Christie’s just announced it will offer Andy Warhol’s Double Elvis [Ferus Type], 1963 with a whisper estimate in the region of $30m in a version that is a little more Elvis 1.1 than two times given the faint register of the second printing of the image. This work sold at Sotheby’s in 2012 for $37m which means were going to see another test of the Warhol market. The original Elvis series consisted of 23 works. MoMA in New York has a version of the Double Elvis [Ferus Type] with a sharp, vivid double printing that was donated by Jerry and Emily Spiegel in 2001. A substantial portion of the Spiegel’s collection has been a driver of the top of the Contemporary art market in the last few years.
Here’s Christie’s release on the work:
On May 17, Christie’s will offer Andy Warhol’s Double Elvis [Ferus Type], 1963 as a central highlight of its Evening Sale of Post-War and Contemporary Art (estimate in the region of $30 million). The silver Elvis paintings that Warhol made in the summer of 1963 represent the culmination of several series of celebrity portraits that Warhol made in the early 1960s..
Warhol’s Double Elvis does not portray Elvis the hip-shaking musician but rather Elvis the actor playing a role in the 1960 movie Flaming Star, a liberal-themed Western in which Presley plays Pacer Burton, a half-Kiowa youth torn between two cultures. The painting is a unique variation from a group of portraits of single and multiplied Elvises created especially for Warhol’s second solo exhibition at the Ferus Gallery in Los Angeles—the centre of America’s entertainment industry. Of the twenty-two extant ‘Ferus Type’ Elvis works, eleven are in museum collections, including the canvas Bob Dylan insisted on taking in exchange for his presence in a Warhol film, now housed at the Museum of Modern Art, New York.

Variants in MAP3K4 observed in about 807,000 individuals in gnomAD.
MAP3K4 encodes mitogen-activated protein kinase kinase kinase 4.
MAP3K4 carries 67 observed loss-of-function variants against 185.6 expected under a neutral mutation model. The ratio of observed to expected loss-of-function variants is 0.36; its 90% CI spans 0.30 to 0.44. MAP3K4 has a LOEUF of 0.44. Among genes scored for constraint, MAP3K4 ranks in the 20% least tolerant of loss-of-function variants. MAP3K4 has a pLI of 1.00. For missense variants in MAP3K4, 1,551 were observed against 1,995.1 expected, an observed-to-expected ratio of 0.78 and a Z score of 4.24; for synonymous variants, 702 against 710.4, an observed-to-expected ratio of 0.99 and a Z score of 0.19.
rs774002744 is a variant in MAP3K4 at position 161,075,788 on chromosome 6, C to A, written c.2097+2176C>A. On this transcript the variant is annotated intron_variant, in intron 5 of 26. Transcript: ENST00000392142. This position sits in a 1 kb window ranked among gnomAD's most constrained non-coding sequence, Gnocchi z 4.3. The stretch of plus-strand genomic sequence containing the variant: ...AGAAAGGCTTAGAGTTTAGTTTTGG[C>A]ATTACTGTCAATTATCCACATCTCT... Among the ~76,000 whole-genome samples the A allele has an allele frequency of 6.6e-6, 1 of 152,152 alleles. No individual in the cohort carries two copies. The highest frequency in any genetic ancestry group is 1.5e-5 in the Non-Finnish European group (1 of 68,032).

Double Elvis features two black screen-printed images of the King on a silver painted ground. A bold, high-contrast figure is accompanied by its ghostly duplicate, collapsing Warhol’s strategy of serialization into a single frame, while also providing an eerie reminder that Presley was a twin, his brother being lost at birth. When the crowd of cloned Elvises were shown at the Ferus Gallery, the paintings were both confrontational and an almost anonymous backdrop.
The Ferus Gallery’s director, Irving Blum, had tried to press on Warhol the idea of a mini-retrospective, writing, “your exhibition should be the most intense and far reaching composite of past work, and the Elvis paintings should be shown in the rear of my gallery area.” Warhol, however, insisted on focusing on his new work and planned to utilize the gallery’s physical space as part of a highly conceptual installation. Before his arrival, Warhol instructed Blum to line the front room with his series of Elvis paintings and the back room with portraits of Elizabeth Taylor.
The repetition of the image created an impression of mass production that had rarely been seen before in an artistic context. The effect was of great interest to artists like Larry Bell, who wrote in response to the exhibition: “It is my opinion that Andy Warhol is an incredibly important artist; he has been able to take painting as we know it, and completely change the frame of reference of painting as we know it, and do it successfully in his own terms. These terms are also terms that we may not understand … In any event, nothing can take away from it the important changes that the work itself has made in the considerations of other artists.”